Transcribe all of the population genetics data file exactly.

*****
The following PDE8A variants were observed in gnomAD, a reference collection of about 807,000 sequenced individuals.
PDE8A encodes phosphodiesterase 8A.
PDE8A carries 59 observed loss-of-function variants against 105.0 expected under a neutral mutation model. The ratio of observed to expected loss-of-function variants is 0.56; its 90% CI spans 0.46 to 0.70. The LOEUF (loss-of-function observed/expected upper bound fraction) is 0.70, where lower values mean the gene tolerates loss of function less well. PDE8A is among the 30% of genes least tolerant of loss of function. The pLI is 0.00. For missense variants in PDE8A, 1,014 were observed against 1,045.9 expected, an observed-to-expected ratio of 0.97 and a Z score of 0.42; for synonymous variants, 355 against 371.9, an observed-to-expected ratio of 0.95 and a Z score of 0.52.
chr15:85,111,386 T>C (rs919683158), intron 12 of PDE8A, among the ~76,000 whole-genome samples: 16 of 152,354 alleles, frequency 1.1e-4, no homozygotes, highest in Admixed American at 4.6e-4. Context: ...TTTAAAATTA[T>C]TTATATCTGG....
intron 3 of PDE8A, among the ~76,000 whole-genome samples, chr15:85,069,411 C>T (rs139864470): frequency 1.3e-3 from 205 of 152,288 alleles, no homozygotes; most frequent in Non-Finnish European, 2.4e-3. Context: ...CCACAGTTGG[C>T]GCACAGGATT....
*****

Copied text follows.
The following PDE8A variants were observed in gnomAD, a reference collection of about 807,000 sequenced individuals.
PDE8A encodes phosphodiesterase 8A.
PDE8A carries 59 observed loss-of-function variants against 105.0 expected under a neutral mutation model. The ratio of observed to expected loss-of-function variants is 0.56; its 90% CI spans 0.46 to 0.70. The LOEUF (loss-of-function observed/expected upper bound fraction) is 0.70, where lower values mean the gene tolerates loss of function less well. PDE8A is among the 30% of genes least tolerant of loss of function. The pLI is 0.00. For missense variants in PDE8A, 1,014 were observed against 1,045.9 expected, an observed-to-expected ratio of 0.97 and a Z score of 0.42; for synonymous variants, 355 against 371.9, an observed-to-expected ratio of 0.95 and a Z score of 0.52.
chr15:85,111,386 T>C (rs919683158), intron 12 of PDE8A, among the ~76,000 whole-genome samples: 16 of 152,354 alleles, frequency 1.1e-4, no homozygotes, highest in Admixed American at 4.6e-4. Context: ...TTTAAAATTA[T>C]TTATATCTGG....
intron 3 of PDE8A, among the ~76,000 whole-genome samples, chr15:85,069,411 C>T (rs139864470): frequency 1.3e-3 from 205 of 152,288 alleles, no homozygotes; most frequent in Non-Finnish European, 2.4e-3. Context: ...CCACAGTTGG[C>T]GCACAGGATT....